Trade tensions are in the spotlight again this morning after the Trump administration moved to block shipments of semiconductors to Chinese telecom giant Huawei Technologies from global chipmakers. The U.S. Commerce Department said it was amending an export rule to “narrowly and strategically target Huawei’s acquisition of semiconductors that are the direct product of certain U.S. software and technology.” Last year, in the thick of the U.S.-China trade war, the U.S. put Huawei on an “Entity List” that required U.S. companies to obtain a special license to sell products to the Chinese company, essentially freezing Huawei out of getting some of the computer chips it needs to make equipment integral to new 5G wireless networks. Still, “Huawei has continued to use U.S. software and technology to design semiconductors, undermining the national security and foreign policy purposes of the Entity List by commissioning their production in overseas foundries using U.S. equipment,” U.S. Secretary of Commerce Wilbur Ross said in a statement. Hu Xijin, editor-of-chief of Chinese state-run news site Global Times, tweeted Friday that if the U.S. takes further action to block supply to Huawei, China will activate its “unreliable entity list” and “restrict or investigate” U.S. companies including Apple, Cisco Systems, and Qualcomm, and suspend the purchase of Boeing airplanes, denting all four stocks in morning trading.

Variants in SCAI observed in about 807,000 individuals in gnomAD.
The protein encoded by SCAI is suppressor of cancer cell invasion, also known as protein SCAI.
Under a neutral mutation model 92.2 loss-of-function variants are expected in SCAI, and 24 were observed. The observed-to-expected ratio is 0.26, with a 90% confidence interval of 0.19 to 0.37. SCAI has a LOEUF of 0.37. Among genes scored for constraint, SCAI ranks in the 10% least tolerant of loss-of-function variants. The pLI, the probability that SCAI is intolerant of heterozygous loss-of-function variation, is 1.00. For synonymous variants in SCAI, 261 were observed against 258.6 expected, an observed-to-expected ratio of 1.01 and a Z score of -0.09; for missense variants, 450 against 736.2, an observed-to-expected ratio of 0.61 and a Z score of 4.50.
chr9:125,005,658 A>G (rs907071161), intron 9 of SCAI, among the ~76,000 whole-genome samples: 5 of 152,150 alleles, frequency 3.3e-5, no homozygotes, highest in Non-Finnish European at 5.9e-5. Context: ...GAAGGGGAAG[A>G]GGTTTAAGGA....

In coronavirus news, the FDA issued an alert late yesterday on the accuracy of Abbott Laboratories’ rapid COVID-19 test after researchers at New York University said it was missing a third to almost half of positive cases. “We are still evaluating the information about inaccurate results and are in direct communication with Abbott about this important issue,” said Tim Stenzel, director of the Office of In Vitro Diagnostics and Radiological Health at the FDA’s Center for Devices and Radiological Health, in a statement. “We will continue to study the data available and are working with the company to create additional mechanisms for studying the test.” Abbott, in a statement, stood by the test and criticized a paper by doctors at NYU Langone posted online earlier this week that claimed the Abbott system had reported as negatives “a third of the samples detected positive” by a widely used, but slower system. “We’re seeing studies being conducted to understand the role of ID NOW in ways that it was not designed to be used,” Abbott said. “In particular, the NYU study results are not consistent with other studies.”